Production Scheduling and Reporting. In the Enterprise 21 ERP system, production schedules can be created manually or generated automatically. Production schedules can also be re-sequenced with a drag and drop user interface with the system automatically checking for machine and labor availability.

Following production, production quantities can be recorded and measured against their standard (or anticipated) production quantities. Enterprise 21 then monitors actual vs. standard production output to provide the organization with sophisticated material planning capabilities.

Recent HVP Recall: How Food ERP Software Can Help with the HVP Recall and other Food Recalls

Thursday, March 18th, 2010 by Alex Smith

Food products containing HVP (hydrolyzed vegetable protein), an ingredient used in the manufacture of a number of processed foods, such as soups, hot dogs, and frozen dinners, have recently been recalled by the FDA due to salmonella contamination in one company’s products containing HVP. The HVP recall is yet another recent event that demonstrates how food processing software solutions with integrated food traceability software functionality can help both food processors and ingredient suppliers in the event of a product recall.

For food manufacturers who produce finished goods containing HVP, a food processing software solution with forward and backward lot tracking and traceability features can track the lot numbers of HVP received into inventory, the suppliers who provided the HVP, when the HVP was received into inventory, the HVP lot numbers consumed in manufacturing, all of the finished goods (and the associated finished good lot numbers) that were produced with a particular lot of the HVP ingredient, and all of the food processor’s customers who were shipped a finished good that contained a particular lot of HVP. In the event of a product recall, such as the current HVP recall, a food processor would simply use the organization’s ERP software system to identify all of its finished goods that were produced with a contaminated ingredient lot and all of its customers who received finished goods that were produced with a contaminated lot. For example, if a food processor received HVP with lots 123 and 456 from Supplier A and lots 789 and 012 from Supplier B, and Supplier A were to initiate a recall for HVP lot 123, the food processor would, more than likely, have to recall only its finished goods that were produced with HVP lot 123 from Supplier A rather than all of its finished goods that were produced with HVP. This can result in significant cost savings for the food processor should a recall need to be initiated.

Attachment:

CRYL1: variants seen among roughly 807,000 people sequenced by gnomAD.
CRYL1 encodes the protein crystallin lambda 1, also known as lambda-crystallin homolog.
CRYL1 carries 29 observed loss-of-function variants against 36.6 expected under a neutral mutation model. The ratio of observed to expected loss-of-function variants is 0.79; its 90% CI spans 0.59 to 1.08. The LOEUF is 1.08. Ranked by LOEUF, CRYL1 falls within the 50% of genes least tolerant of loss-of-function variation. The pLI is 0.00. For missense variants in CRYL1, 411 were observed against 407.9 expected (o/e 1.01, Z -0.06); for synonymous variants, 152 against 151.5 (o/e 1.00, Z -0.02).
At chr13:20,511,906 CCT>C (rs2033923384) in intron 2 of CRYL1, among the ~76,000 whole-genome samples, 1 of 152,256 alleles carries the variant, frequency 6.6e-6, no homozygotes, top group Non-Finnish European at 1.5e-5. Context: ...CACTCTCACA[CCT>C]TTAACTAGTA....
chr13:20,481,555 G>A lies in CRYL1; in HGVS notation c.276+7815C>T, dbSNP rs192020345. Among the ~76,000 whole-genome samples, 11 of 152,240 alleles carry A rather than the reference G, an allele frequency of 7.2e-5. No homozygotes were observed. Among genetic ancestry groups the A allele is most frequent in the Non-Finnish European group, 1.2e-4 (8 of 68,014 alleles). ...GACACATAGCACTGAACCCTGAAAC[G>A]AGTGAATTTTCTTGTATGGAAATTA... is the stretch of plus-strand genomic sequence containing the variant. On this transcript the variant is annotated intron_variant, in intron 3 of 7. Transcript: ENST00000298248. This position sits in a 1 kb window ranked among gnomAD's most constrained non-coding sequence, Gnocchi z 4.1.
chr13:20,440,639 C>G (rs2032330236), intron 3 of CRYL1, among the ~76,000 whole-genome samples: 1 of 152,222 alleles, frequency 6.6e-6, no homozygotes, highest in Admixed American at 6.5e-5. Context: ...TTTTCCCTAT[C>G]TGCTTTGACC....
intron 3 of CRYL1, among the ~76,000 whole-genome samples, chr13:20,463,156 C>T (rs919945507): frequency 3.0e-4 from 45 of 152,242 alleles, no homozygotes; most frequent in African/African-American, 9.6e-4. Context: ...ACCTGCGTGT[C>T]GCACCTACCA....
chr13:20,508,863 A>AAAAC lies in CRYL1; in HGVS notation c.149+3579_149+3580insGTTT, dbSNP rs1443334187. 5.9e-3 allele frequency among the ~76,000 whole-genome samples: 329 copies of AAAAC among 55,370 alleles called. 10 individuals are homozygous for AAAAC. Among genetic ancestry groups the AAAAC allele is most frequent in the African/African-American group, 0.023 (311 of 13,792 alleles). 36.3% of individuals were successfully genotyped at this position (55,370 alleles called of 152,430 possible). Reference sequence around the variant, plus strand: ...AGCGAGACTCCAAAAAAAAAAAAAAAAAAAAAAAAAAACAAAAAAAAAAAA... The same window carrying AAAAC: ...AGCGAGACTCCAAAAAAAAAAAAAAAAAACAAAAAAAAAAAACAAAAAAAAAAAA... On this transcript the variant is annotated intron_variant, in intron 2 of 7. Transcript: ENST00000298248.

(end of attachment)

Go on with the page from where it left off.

Similarly, HVP ingredient suppliers can benefit from food ERP systems with integrated lot traceability features. Should an HVP ingredient supplier discover that one of its HVP lots was contaminated, the supplier would be able to identify all of its customers that received the contaminated HVP lot and notify them that a recall for that particular lot has been initiated. Again, assuming the ingredient supplier has the necessary lot traceability and quality control mechanisms in place, the supplier would only have to recall the contaminated lot of HVP, rather than all HVP lots that were shipped to customers over a period of time.

TGI Traceability Resources

For a demonstration of Enterprise 21’s forward and backward lot traceability features, please click here.

To download TGI’s Five Critical Software Requirements for Improved Product Safety and Traceability white paper from the TGI Resources Library, please click here.

Food Processing Software: Improving Salmonella Analysis Tracking and Reporting